Not only do these provisions impose liability personally upon seafarers, they make last-minute or casual subcontracting of towing jobs by dispatch far riskier because Tug companies are advised to first check if the Tow owner has organized the necessary Wreck Removal Insurance or an exemption from Transport Canada. Tug companies should revise their contracts with customers who own Tows which are more than 300 GT to provide that the Tow will have compliant Wreck Removal Insurance (or the necessary exemption) and provide proof of it. The contract should provide that any delays in providing that information are of the responsibility of the Tow customer, and Tug owners may want to include indemnity provisions should the Tow owner fail to comply with the Act and the master of the Tug be penalized as a result.

Delegation of Minister’s Power increasing the Expense of Wreck Removal?

Not only do the wreck removal laws in Canada now include liability for locating, marking, assessing, mitigating and removing a wreck, wreck removal is likely to get much more expensive for insurers and ship owners through the delegation of the government’s powers. The Act provides that

6(1). The [government] may . . . enter into agreements … for carrying out the purposes of this Act and authorize any person, including a provincial government, a local authority and a government, council or other entity authorized to act on behalf of an Aboriginal group, with whom an agreement or arrangement is entered into to exercise the powers . . . or perform the duties or functions under this Act that are specified in the agreement or arrangement.

Therefore, governmental authority could be outsourced to a third party, including

  • Determination of whether a wreck poses a hazard (which is the trigger for any wreck removal operation that ensues)
  • Direction of the wreck removal measures that the ship owner must undertake (which includes evaluating whether those measures are proportionate to the hazard posed by the wreck)

There will be a potential multiplicity of third parties having a role in managing a wreck removal operation – ranging from provincial authorities to local governments to First Nations and others – each with its own concerns or agenda for protecting the affected coastlines and waters. The Act does not address the accountability of those third parties when exercising their delegated authority.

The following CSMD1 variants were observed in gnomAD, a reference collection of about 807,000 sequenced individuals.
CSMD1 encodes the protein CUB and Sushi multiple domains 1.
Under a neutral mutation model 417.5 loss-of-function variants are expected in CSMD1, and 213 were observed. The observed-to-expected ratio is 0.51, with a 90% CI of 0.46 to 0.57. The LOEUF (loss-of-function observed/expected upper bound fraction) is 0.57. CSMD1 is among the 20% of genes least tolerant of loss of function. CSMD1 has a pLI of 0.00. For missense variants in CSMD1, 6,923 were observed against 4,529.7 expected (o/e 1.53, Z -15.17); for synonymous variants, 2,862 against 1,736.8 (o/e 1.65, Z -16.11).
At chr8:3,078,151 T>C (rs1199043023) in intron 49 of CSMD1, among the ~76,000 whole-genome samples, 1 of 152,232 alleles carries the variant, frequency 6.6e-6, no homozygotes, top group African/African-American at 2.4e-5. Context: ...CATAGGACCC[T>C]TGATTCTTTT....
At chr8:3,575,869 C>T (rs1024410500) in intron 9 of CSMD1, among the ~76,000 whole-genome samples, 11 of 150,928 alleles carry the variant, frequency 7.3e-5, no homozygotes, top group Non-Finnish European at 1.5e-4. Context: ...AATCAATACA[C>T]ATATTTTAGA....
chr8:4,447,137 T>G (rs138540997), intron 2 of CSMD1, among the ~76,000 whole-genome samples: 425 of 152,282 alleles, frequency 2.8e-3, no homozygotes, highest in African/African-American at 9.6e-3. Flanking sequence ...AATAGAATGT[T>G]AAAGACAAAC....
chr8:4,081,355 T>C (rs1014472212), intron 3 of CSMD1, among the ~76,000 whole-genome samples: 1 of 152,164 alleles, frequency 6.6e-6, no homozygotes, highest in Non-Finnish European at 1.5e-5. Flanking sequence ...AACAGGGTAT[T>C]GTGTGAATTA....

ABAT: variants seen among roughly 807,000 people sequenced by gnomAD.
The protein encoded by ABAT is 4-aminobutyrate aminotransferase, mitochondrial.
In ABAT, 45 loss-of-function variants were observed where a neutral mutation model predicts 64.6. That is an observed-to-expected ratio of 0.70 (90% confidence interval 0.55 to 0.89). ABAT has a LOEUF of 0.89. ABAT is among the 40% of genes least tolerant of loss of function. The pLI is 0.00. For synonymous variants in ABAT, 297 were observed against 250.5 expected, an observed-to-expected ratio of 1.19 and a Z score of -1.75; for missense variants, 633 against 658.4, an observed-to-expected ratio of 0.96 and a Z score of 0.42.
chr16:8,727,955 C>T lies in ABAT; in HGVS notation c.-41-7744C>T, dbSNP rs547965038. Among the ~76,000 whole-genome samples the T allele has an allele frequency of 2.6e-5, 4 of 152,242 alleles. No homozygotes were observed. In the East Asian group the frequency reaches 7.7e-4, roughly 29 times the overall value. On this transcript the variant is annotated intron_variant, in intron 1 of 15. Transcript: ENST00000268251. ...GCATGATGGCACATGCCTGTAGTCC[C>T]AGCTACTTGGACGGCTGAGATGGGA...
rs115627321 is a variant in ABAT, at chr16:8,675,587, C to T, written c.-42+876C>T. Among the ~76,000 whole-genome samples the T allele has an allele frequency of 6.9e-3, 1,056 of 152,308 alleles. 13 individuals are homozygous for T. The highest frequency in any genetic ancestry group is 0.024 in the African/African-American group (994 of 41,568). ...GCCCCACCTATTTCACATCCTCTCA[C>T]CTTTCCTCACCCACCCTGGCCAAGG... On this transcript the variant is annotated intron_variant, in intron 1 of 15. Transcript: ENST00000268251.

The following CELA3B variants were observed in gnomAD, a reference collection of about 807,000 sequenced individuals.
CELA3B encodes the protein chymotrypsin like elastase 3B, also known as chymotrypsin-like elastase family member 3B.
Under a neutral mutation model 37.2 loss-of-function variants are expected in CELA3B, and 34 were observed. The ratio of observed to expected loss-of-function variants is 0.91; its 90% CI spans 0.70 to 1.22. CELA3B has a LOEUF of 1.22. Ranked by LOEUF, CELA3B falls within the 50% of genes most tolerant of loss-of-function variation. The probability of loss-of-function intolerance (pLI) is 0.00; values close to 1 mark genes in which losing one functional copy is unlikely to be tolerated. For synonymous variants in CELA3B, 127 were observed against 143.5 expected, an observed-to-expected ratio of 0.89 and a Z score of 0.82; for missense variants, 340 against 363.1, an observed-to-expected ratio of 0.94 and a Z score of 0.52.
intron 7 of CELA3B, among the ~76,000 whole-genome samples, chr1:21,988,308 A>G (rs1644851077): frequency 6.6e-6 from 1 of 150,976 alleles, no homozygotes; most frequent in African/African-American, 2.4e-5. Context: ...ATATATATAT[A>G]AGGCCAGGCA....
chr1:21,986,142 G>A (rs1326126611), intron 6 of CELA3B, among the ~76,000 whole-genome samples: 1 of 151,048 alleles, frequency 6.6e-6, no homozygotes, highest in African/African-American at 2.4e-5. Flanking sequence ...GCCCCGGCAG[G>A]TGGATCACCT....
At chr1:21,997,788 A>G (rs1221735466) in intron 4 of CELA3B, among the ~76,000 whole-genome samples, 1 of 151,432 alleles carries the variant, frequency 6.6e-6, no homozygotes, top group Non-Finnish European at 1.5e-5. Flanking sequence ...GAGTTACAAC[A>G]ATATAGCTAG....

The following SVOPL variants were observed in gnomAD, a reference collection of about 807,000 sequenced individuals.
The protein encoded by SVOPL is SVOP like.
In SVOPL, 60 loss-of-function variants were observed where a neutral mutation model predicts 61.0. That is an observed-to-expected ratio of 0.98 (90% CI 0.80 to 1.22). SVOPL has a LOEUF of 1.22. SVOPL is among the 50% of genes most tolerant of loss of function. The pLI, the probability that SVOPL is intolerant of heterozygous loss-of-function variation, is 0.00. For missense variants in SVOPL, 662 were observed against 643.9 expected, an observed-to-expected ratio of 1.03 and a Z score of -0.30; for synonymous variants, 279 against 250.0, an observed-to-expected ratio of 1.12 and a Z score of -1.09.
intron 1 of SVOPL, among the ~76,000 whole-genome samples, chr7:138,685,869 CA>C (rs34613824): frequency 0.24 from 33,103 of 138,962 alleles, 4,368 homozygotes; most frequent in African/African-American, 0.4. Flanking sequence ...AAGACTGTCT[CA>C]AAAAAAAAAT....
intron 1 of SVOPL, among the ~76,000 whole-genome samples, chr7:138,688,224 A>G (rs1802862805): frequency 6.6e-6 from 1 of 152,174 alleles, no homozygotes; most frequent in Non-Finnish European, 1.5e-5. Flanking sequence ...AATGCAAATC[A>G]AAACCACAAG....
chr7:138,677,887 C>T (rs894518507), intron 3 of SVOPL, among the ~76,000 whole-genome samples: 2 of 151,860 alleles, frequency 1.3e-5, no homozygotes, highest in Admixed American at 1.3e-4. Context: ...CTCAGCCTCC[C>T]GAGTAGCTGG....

The mitigation and removal measures that one delegated authority may consider reasonable may vary wildly from what another delegated authority dictates.

The Act does not specify how the regulators’ decisions may be challenged or the regulator be held accountable. The one guarantee of the new regime is that wreck removal costs will increase, probably many-fold.

Impact of the Act on the shipping industry

In order to stay competitive in the commercial marine business, we expect that both dedicated marine underwriters and multi-line insurers insuring Canadian vessels and vessels operating within Canadian waters will have to offer Wreck Removal Insurance. As insurers cannot rely upon any contractual or statutory defenses before paying wreck removal claims up to C$2.8m, those insurers may refuse to insure any vessels that are not the highest quality and therefore, least likely to be involved in a wreck removal claim. Insurers may decide to add recovery provisions to their contracts if claims are paid out to third parties notwithstanding breaches by the insured of the underlying insurance policies. If it becomes difficult or prohibitive to buy Wreck Removal Insurance due to its cost or strict terms, the obligation to do so may be ignored by the owners of the very vessels that are most likely to become wrecks.

In the tug and tow business, delays may be incurred while the parties try to manage Tow owner compliance issues. Contracts may be revised to incorporate the Tow owner’s obligation to have the necessary Wreck Removal Insurance or an exemption.

At least initially, compliance with the Wreck Removal Insurance regime is being enforced through an honor system. The end result, we predict, is that barges and old, large ships will be hidden away on Canada’s coasts without any insurance whatsoever – out of sight, out of mind, until a casualty occurs.